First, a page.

Fast from your Phone
iPhone users: “Do Not Disturb” is your friend. It’s a setting on your phone where you can set it to not ring, or buzz, or beep, or ding or anything. You can even set certain “favorites” who can get through in case of emergency. Every night at 9:30 I go through a process of setting my phone to “Do Not Disturb” and also setting each app that has banner notifications (in my case text, phone and gmail) to “no notifications.” That means if I check the time on my phone in the middle of the night, there are no texts waiting to be read, no emails staring at me, no missed calls. I turn it all on in the morning and figure out what I’ve missed. It was really hard the first week or two. Now it’s become a place of peace and rest. I know people can get me in an emergency. Freedom.
Another type of mini-fast for heavy phone users (like me). Put your phone far, far away for short periods of time when you’re doing something important, like talking with a friend or playing with your children. I put mine in another room or turn it off for 15 minutes, a 1/2 hour, an hour, four hours. (Four hours sometimes sends me in to cold sweats, but I’m working on it.) I can’t control nuclear launch codes from my cell phone, nobody needs me that badly. I’m redefining urgent. Maybe you are, too.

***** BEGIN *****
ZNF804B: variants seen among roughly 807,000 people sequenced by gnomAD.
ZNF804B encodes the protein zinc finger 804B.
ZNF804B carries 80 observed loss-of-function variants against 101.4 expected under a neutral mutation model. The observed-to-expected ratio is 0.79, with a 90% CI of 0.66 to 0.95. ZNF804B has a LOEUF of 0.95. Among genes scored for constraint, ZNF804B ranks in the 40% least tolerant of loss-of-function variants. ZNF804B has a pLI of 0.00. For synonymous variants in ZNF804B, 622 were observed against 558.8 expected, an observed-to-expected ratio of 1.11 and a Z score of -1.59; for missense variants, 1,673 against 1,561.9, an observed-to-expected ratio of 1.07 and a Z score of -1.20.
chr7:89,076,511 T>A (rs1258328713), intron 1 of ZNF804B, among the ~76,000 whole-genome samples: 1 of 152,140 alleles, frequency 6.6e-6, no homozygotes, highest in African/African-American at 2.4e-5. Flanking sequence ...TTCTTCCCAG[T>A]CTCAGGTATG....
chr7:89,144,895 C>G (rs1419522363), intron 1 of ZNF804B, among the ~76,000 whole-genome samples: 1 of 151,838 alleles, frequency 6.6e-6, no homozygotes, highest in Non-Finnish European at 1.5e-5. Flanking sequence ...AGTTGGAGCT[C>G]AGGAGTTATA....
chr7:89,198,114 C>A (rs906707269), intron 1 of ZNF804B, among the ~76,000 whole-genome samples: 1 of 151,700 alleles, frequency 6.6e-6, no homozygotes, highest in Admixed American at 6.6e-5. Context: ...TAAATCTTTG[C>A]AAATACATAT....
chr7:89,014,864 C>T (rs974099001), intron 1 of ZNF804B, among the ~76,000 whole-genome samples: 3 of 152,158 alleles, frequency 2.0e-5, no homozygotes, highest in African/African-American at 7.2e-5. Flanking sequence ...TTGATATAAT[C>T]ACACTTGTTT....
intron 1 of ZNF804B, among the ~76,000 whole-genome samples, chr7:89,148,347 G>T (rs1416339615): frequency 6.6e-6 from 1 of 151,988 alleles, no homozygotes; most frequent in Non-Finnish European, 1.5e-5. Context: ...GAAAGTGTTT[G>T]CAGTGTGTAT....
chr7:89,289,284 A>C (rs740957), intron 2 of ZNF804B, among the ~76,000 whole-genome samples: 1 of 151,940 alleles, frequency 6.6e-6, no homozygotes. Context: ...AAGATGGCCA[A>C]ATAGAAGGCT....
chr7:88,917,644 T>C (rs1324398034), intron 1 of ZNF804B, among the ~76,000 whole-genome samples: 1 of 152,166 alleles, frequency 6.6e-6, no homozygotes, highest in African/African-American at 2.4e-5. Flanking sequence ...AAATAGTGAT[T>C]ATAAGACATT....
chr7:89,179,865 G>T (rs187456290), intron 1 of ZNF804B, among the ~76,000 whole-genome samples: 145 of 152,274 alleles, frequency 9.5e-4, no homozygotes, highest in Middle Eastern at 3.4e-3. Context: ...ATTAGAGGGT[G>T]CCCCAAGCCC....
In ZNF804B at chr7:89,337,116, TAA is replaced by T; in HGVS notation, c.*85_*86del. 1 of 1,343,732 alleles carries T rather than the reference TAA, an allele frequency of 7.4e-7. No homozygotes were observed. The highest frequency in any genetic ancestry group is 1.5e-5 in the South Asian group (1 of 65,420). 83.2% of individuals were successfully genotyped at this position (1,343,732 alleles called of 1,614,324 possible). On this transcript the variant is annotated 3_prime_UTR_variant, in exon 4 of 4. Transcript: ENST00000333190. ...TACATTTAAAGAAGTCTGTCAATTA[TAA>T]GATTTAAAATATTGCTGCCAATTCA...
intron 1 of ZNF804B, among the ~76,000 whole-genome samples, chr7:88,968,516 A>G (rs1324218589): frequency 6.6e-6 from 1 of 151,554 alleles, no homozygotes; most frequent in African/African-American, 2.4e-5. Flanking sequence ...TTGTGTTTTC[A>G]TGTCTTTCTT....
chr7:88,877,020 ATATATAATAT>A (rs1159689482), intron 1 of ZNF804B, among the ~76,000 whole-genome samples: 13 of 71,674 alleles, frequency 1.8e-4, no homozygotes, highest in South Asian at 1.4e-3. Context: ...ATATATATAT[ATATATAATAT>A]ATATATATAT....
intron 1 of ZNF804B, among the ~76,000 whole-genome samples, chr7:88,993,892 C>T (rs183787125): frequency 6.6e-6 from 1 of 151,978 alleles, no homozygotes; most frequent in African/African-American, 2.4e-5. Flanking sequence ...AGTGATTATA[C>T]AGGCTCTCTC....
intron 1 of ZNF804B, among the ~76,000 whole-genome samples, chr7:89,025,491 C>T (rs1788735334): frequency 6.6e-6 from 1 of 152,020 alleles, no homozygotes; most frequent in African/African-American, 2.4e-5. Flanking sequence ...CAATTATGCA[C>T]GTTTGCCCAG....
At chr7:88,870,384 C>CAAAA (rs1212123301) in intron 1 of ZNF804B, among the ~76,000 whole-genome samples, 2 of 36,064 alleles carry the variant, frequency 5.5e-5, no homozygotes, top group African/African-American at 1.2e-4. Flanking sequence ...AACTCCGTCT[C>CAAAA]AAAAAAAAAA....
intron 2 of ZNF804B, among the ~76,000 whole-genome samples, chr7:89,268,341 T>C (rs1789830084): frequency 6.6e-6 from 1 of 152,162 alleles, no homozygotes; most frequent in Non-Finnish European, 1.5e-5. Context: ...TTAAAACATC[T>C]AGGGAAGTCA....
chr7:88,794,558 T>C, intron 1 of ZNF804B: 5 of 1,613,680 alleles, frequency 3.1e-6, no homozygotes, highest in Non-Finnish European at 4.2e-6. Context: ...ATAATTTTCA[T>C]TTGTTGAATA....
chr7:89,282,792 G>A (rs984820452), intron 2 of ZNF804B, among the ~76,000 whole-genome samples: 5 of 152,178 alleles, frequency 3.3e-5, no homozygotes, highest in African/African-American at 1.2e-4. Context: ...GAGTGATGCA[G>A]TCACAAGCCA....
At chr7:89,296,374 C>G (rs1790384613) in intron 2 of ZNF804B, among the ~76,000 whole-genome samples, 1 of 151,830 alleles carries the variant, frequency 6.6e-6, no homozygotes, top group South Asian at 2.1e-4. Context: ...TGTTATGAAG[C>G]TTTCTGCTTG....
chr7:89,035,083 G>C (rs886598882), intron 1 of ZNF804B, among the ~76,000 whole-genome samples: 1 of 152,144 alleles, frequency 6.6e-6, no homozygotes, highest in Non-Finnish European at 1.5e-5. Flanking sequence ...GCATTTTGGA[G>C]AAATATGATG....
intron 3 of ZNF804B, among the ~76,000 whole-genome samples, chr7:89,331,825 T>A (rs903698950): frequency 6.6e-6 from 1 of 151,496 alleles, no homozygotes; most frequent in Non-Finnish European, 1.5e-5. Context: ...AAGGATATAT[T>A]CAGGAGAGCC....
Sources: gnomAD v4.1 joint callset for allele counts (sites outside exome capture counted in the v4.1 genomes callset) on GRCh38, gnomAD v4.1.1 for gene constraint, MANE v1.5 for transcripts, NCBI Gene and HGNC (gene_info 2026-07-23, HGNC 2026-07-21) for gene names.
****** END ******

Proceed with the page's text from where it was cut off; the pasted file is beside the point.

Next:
Maybe an advent fast would mean trying one of these two disciplines every day from the first of December until Christmas Day. Turn your phone off every night at a specified time, all month. Commit to one hour of no cell phone use every day so that you can replace it with something important: being with family, reading a novel, creating art.
Fast from TV
I’ll never forget a sermon I heard from John Ortberg where he said “Nobody sits down for a couple of hours of mindless TV watching and then gets up and says ‘Man, I feel great!‘ Everyone laughed, because we knew it’s true. TV is like a drug, sometimes. We zone out, we just sit there and pass the time. It’s not that we can’t ever watch TV, but we know when it’s getting unhealthy. After I had Clayton I went through this period of TV watching that I think was truly like some sort of addiction. I would get up to nurse him, flip on the TV and just sit there, zoned out and looking at nothing, for hours. The cure for me was the radio.
Fast from Unhealthy Habits
Maybe advent is a time, just like lent, to think about what we’d like to give up or limit in order to gain something new. Maybe the person who most needs a gift this advent is you. I started to list off some of the unhealthy habits, but it looked judgmental. I don’t know what’s unhealthy for you and what you need to limit or eliminate, but I know you do. Give yourself a gift.
Maybe some of these will spark your imagination as well:
- Fast from putting yourself down (“I’m not doing enough at work or home or relationships”)
- Fast from driving everywhere — Can you walk or bike or take a bus?
- Fast from paper products or excess trash
- Fast from eating out or driving through
The point of fasting during advent is not on what you’re giving up, it’s on what you’re gaining.
So, the time with the phone in the other room is time to focus on something else. The money not spent on a gift can be given to a worthy cause, the smoothie instead of the donut helps show respect for your body. All of these things aren’t easy, they’re hard. They’re disciplines. Just like with lenten disciplines, they’re easier practiced in a community. Find a friend or partner and share what you’re giving up this advent. What do you have to lose? What do you have to gain? How will Christmas Day take on new meaning?